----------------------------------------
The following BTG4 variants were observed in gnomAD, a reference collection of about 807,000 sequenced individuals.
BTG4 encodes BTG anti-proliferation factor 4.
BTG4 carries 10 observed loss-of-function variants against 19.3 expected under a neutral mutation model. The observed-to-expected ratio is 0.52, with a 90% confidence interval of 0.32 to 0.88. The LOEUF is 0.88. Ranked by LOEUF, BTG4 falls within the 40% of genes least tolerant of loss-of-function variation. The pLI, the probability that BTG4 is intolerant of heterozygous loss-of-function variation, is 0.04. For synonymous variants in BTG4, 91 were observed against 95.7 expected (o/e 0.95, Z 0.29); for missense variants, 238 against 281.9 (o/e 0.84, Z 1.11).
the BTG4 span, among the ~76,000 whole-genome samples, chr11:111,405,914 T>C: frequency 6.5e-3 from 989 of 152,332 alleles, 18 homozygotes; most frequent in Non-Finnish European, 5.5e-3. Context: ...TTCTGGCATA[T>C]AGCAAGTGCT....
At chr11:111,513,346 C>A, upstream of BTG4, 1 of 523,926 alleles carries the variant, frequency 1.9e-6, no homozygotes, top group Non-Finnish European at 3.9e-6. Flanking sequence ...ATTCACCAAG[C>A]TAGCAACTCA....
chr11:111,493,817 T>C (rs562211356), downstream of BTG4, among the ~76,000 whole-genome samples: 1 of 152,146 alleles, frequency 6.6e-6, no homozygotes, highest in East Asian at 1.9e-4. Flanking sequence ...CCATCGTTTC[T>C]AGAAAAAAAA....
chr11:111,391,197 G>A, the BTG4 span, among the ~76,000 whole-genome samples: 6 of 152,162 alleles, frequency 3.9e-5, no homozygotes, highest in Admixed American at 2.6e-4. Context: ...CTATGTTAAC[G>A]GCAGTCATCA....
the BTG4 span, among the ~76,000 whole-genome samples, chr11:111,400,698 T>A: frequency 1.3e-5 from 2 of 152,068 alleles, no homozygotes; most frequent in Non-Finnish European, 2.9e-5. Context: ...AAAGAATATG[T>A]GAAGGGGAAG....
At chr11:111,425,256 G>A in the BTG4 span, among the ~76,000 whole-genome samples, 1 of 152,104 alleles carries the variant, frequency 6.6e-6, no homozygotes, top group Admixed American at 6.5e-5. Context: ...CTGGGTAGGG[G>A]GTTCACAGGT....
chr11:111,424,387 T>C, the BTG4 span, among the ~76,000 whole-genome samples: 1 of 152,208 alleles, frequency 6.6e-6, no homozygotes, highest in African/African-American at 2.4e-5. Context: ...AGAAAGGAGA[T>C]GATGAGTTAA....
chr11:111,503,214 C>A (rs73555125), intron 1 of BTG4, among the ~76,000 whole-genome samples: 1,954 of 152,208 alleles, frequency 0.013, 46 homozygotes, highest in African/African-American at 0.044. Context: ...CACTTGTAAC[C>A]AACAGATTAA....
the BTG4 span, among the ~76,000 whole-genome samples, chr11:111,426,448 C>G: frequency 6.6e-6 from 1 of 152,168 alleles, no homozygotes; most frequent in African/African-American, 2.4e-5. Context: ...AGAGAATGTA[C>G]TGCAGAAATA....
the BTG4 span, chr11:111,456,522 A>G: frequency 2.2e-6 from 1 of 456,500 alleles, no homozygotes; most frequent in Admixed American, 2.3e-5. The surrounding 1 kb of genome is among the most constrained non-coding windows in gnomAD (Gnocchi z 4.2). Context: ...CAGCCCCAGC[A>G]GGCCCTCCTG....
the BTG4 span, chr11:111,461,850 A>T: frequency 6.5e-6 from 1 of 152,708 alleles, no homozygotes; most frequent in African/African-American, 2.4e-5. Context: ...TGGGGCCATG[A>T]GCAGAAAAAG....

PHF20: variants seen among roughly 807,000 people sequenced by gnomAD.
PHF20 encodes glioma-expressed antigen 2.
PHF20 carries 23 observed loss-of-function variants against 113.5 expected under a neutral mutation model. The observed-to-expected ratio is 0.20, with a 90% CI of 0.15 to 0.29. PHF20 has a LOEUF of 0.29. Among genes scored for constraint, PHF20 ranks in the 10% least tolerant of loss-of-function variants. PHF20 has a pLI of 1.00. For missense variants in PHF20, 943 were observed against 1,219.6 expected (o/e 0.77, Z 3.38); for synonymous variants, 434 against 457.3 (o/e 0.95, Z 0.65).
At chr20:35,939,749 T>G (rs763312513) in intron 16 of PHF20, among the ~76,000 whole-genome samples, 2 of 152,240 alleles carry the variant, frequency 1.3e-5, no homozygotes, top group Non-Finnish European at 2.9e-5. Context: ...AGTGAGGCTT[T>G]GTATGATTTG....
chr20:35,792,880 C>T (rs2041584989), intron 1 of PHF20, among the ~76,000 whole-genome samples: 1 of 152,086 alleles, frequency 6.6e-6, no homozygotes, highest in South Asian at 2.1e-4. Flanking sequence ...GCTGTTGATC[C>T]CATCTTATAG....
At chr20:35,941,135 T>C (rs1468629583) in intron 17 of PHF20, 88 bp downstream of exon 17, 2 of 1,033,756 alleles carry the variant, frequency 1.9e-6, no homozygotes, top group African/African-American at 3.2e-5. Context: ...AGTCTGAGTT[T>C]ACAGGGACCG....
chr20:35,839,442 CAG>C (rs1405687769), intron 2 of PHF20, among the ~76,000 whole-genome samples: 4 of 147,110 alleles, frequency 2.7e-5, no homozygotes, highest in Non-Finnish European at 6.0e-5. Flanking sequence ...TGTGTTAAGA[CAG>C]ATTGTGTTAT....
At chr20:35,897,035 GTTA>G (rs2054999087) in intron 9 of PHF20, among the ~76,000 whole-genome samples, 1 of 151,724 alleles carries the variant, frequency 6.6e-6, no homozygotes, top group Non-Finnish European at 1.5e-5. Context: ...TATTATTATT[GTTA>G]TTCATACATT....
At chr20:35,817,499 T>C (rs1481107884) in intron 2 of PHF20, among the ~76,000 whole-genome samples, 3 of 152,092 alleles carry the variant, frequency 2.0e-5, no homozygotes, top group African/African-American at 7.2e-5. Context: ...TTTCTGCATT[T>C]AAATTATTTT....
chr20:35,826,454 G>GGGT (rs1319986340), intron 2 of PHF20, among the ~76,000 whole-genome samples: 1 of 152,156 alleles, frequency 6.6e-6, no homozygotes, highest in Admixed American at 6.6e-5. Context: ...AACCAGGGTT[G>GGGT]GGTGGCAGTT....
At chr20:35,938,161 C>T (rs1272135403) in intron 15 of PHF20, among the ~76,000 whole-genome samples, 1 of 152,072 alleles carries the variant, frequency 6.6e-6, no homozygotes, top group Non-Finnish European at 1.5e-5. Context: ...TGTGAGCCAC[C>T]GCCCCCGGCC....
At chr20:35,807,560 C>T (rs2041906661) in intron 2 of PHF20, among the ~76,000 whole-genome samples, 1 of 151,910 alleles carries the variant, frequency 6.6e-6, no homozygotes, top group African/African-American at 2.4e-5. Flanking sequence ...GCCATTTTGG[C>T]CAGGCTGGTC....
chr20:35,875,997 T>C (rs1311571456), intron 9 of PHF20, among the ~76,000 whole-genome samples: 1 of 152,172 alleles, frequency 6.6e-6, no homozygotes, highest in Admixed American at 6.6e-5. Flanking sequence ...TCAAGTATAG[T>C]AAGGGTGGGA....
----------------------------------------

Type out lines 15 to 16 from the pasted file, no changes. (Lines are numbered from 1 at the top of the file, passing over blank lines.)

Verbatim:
PHF20: variants seen among roughly 807,000 people sequenced by gnomAD.
PHF20 encodes glioma-expressed antigen 2.